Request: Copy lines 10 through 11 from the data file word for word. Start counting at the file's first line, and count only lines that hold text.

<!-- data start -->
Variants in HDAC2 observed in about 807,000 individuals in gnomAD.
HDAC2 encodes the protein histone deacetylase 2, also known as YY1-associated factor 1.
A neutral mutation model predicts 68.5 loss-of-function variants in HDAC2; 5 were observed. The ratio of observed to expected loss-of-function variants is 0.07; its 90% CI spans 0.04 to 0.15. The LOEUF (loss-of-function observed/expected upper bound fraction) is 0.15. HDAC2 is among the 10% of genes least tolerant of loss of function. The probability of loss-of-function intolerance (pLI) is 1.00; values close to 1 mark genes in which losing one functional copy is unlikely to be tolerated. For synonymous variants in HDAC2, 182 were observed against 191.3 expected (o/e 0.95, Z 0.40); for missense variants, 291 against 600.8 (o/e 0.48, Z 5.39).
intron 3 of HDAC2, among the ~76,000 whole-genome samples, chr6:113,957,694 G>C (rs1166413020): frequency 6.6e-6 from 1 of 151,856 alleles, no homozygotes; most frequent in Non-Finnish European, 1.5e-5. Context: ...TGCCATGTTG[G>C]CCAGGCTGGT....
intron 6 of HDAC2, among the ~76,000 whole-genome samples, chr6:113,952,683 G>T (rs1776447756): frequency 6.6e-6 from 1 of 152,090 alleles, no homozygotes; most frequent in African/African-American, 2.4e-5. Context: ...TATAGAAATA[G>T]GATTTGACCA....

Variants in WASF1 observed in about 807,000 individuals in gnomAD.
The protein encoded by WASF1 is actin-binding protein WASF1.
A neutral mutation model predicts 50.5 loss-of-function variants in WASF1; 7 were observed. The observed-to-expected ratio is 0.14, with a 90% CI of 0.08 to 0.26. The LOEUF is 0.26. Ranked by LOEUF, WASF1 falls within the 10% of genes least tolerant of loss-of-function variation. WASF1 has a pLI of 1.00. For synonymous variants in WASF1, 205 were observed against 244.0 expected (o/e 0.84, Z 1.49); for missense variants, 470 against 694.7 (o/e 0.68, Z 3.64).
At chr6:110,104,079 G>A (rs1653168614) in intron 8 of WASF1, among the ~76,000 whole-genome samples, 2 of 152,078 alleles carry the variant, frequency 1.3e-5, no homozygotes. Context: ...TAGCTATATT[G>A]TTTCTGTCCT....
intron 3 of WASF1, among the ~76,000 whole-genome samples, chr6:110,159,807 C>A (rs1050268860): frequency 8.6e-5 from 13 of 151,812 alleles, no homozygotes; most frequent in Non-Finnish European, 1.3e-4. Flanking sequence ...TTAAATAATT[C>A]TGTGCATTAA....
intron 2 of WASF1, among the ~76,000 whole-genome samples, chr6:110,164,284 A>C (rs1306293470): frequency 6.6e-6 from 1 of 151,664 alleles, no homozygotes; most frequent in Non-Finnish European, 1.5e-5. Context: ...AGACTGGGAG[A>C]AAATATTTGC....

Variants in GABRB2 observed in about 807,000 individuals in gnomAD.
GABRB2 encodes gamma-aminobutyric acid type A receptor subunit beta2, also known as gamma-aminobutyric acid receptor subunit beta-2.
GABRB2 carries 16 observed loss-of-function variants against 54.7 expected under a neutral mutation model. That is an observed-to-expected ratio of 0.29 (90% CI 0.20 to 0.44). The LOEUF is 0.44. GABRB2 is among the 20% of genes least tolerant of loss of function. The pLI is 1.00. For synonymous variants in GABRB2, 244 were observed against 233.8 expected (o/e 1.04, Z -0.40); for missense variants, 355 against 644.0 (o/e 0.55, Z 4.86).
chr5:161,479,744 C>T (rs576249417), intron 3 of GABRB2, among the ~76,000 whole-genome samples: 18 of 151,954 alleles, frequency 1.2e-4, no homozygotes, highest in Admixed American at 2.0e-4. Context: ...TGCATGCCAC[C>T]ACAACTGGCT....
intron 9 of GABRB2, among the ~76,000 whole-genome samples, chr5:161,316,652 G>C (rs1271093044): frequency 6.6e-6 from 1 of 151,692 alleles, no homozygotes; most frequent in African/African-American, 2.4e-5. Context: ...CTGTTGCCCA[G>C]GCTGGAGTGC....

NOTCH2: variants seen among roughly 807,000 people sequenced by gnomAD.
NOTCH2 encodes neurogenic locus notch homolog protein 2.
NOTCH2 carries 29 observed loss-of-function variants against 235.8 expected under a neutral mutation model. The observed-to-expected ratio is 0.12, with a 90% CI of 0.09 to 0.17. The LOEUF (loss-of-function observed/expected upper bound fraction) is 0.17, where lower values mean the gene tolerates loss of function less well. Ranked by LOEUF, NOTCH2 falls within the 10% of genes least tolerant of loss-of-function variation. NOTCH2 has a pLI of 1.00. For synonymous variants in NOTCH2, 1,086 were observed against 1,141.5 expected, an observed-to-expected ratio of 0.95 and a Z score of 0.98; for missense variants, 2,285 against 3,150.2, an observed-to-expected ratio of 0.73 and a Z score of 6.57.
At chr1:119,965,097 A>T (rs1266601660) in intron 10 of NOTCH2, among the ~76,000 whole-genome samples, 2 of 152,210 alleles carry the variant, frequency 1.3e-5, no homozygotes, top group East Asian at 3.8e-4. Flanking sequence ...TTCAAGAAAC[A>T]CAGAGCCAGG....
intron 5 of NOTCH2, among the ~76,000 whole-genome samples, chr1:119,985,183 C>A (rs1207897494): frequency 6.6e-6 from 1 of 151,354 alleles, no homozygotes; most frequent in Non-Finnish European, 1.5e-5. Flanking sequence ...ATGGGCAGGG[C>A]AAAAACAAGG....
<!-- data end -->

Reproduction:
intron 3 of WASF1, among the ~76,000 whole-genome samples, chr6:110,159,807 C>A (rs1050268860): frequency 8.6e-5 from 13 of 151,812 alleles, no homozygotes; most frequent in Non-Finnish European, 1.3e-4. Flanking sequence ...TTAAATAATT[C>A]TGTGCATTAA....
intron 2 of WASF1, among the ~76,000 whole-genome samples, chr6:110,164,284 A>C (rs1306293470): frequency 6.6e-6 from 1 of 151,664 alleles, no homozygotes; most frequent in Non-Finnish European, 1.5e-5. Context: ...AGACTGGGAG[A>C]AAATATTTGC....